The unfolding of a murder starts early in the mystery. One of the characters that last had a confrontation with the deceased is his/her murderer. Provide odd, weird, stalkerizzi, information stirred in a setting that equals murder most foul. Ask some questions. Was the victim feeling a certain way? Feared someone or something? One character's behavior was different. Why? The behavior had something to do with the murder. The victim and a suspect were seen together. People who knew the victim expressed how unusual for the two, because they had issues. 

Who stumbles into the murder scene? Or, will the murderer pretend to discover the body? He/she didn't have enough time to dispose of the body. Why? The events played out differently than what the murderer planned. Perhaps, the murderer heard another character approaching. 

The police is called. They begin investigating and questioning. Is there a neighbor-know-it-all? This kind of neighbor knows the latest gossip. He/she shares the gossip with the police. The murderer gives as little information to the police as possible, even mis-directs.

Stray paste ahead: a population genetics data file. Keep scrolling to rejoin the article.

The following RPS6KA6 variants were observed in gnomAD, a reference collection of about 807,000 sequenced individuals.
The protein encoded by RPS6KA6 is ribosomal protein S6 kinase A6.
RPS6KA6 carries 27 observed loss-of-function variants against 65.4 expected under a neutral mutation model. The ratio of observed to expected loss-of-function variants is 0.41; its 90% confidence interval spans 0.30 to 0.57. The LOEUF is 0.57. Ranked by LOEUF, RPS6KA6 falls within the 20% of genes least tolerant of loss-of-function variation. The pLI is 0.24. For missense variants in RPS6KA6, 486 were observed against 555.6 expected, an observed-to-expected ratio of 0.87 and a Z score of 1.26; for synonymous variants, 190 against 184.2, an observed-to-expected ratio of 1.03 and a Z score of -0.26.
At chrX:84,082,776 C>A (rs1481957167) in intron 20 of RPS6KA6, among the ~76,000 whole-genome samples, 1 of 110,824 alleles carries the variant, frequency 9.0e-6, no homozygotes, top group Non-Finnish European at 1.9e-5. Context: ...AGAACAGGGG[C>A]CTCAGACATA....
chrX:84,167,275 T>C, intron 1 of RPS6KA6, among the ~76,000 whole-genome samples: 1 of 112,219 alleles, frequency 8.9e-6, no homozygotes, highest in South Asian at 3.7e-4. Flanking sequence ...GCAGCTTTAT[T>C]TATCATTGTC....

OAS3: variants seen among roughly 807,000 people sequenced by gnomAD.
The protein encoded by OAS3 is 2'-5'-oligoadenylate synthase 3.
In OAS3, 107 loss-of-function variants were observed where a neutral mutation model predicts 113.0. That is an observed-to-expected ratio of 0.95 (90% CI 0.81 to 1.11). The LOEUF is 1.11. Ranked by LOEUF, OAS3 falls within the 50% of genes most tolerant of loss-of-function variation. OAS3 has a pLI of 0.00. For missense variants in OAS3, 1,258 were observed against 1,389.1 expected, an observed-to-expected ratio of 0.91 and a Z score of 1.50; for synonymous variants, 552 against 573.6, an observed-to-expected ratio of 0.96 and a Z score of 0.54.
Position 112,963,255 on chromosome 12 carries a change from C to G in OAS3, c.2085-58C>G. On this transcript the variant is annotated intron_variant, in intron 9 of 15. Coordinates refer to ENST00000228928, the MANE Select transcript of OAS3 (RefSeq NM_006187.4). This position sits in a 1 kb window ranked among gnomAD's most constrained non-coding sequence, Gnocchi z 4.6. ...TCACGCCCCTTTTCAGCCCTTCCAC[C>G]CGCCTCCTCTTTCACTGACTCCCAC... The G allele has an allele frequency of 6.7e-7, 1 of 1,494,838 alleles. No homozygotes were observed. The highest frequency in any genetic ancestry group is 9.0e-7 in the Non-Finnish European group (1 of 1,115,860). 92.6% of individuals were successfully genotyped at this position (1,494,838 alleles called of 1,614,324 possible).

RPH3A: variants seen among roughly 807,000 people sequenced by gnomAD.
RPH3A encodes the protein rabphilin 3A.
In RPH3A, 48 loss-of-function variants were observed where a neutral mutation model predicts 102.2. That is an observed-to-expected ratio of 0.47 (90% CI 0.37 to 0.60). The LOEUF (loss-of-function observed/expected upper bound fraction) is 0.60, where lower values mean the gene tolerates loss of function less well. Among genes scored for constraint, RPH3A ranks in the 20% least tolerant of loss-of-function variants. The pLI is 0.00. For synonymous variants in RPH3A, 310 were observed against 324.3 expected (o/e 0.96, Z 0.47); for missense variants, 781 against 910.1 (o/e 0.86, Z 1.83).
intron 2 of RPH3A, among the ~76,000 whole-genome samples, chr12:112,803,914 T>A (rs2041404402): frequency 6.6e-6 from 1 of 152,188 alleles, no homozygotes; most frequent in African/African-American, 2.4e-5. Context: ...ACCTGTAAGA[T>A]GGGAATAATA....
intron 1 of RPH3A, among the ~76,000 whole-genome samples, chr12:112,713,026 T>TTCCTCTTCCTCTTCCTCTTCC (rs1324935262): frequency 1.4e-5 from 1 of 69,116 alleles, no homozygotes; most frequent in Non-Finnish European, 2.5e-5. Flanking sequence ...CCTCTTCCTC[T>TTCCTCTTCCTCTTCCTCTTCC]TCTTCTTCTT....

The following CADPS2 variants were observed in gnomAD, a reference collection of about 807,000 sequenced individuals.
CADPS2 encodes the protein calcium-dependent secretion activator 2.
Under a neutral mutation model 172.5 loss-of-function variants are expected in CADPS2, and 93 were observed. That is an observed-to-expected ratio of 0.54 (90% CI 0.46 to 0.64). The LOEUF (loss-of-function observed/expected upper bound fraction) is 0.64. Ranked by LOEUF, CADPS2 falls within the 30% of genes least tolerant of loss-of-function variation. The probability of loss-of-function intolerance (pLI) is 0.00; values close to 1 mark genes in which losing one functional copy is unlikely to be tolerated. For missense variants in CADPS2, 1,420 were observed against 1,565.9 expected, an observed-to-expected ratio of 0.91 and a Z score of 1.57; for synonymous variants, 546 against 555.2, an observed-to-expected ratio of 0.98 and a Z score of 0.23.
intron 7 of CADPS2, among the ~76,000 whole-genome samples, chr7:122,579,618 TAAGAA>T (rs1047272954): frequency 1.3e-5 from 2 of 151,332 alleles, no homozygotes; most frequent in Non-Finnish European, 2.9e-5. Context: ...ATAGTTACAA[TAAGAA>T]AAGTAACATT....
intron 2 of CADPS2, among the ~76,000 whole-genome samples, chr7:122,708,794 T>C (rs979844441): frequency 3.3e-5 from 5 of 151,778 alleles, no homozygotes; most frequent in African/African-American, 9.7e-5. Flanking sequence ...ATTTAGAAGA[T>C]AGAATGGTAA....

The police has to sift through truths, half-truths, supplied by suspects. Show evidence to rule out several suspects. It's up to you, author at work, how the plot plays out. Keep the police looking at three suspects until the murderer is uncovered. "Steps to Write a Murder Mystery" involves a twist. 

Keep the readers interested by splashing in new information. A suspect, for example, confesses. Only, the police determines he/she has a habit of admitting to crimes. One other suspect dies by suspicious means. What does suspicious mean? This is when your creative flow takes over. Write it out. Suspicious means how your creative flow shares it.

Any question raised in the murder mystery is answered as you near the end. Some questions will be taken care of earlier than toward the end. Your mystery will clue you. A good practice is to make notes on questions. Be sure to look at them as well as answer them. Sometimes, the questions can spin-out possible new scenes.